The Dark Knight Rises Among The Films On AFI’s Top Ten Films Of 2012

Out of all the top ten lists that are released by critics and critics groups one of my favorites is the ten films the American Film Institute acknowledges. Since 2000, the AFI has released an annual list of the films that it has deemed being culturally significant. Over the years they have recognized films that may not have gone on to collect Golden Globes or Oscars but are worth remembering regardless. This is an institute that celebrated the likes of High Fidelity, Memento, Moulin Rouge!, Antoine Fisher, About a Boy, Friday Night Lights, In America, The 40-Year-Old Virgin, Borat, Half Nelson, Before the Devil Knows You’re Dead, The Messenger, and Sugar to name more than a few.

These past few years, however, their top ten has been fairly predictable, but this year I was holding out hope that it would acknowledge at least one of two gems that may not get a lot of attention. Unfortunately, it looks like this year is more of the same. The exceptions being Quentin Tarantino’s Django Unchained and The Dark Knight Rises. The reason I included QT’s film is because the AFI failed to acknowledge Inglourious Basterds a few years ago. As far as Christoper Nolan’s final installment in his Batman trilogy, I figured the AFI would have gone with Marvel’s The Avengers. It was the biggest event film of the year and was a culmination of an ambitious project that began when Iron Man made a splash in cinemas back in 2008.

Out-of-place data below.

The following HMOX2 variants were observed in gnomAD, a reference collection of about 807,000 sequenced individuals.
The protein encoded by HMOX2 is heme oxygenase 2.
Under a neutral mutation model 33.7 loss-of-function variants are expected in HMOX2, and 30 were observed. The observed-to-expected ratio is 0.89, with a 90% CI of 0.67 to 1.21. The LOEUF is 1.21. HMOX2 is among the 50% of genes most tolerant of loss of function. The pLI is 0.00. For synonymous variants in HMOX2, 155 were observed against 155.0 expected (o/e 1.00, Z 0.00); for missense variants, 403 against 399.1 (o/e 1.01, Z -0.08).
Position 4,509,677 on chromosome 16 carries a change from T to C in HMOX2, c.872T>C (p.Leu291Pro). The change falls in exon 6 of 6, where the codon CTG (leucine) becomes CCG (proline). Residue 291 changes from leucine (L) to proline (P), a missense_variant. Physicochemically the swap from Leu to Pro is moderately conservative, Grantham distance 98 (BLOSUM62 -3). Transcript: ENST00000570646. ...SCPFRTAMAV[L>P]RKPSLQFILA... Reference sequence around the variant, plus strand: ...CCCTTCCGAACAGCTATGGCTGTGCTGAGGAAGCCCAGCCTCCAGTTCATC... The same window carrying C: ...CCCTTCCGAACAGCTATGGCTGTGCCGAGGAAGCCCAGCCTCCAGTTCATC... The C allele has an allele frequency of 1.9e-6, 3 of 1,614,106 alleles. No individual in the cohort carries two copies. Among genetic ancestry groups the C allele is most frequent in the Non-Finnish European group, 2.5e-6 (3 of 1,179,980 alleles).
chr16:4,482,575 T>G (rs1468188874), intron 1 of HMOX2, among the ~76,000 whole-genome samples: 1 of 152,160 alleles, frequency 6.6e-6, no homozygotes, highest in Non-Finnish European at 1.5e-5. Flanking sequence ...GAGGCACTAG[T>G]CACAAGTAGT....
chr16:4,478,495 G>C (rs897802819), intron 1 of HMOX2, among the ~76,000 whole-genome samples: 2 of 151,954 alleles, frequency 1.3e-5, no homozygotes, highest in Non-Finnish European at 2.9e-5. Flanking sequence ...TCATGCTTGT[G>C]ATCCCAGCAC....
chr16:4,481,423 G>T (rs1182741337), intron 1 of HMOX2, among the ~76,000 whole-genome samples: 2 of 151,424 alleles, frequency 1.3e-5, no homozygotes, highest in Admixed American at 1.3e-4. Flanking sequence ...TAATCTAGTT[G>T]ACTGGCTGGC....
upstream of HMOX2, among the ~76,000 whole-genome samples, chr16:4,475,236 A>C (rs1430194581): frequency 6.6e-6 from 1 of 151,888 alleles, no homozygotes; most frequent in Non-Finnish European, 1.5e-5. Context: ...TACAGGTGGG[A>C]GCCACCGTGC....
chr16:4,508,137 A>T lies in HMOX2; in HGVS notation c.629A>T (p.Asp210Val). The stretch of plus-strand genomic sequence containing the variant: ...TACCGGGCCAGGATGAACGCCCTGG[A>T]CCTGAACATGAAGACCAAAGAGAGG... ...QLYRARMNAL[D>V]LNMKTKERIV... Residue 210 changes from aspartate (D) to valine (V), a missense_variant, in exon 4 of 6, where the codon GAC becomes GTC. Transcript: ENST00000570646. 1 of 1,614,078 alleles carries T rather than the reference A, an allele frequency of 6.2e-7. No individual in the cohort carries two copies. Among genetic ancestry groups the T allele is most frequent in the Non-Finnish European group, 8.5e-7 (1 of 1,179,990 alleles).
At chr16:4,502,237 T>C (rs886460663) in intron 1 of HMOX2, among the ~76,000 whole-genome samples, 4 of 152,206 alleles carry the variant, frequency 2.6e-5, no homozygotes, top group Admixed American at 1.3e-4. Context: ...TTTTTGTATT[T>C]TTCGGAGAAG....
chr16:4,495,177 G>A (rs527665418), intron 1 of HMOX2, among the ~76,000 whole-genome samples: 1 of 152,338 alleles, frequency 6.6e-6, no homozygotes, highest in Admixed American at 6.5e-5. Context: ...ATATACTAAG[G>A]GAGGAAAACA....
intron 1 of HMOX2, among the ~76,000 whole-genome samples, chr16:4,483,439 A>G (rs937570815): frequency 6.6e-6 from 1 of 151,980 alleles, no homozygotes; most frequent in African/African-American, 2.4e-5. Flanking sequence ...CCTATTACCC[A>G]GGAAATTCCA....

While I did have both Rises and Unchained as alternate picks (along with The Hunger Games, Life of Pi, Les Miserables and Ted), my list looked like this (the titles in bold made AFI’s list):

The Avengers
Beasts of the Southern Wild
The Master
Moonrise Kingdom
The Perks of Being a Wallflower
Silver Linings Playbook
Zero Dark Thirty

The Dark Knight Rises
Django Unchained

The Hunger Games
Les Miserables
Life of Pi

As you can see, I got six right on the money and the other four were found as my alternates.

It’s a shame that they couldn’t recognize either Paul Thomas Anderson’s The Master or The Perks of Being a Wallflower. For The Master it was again another masterful work by PTA, but its subject could be a turn off for some. As for Wallflower, I’ll keep championing that film until I’m blue in the face. Upon seeing the film I acknowledged that the film “bridges the gap of the John Hughes’ ’80s with the Clueless ’90s.” Just a great coming-of-age film.

So what do think of the AFI’s Top 10 films of 2012?

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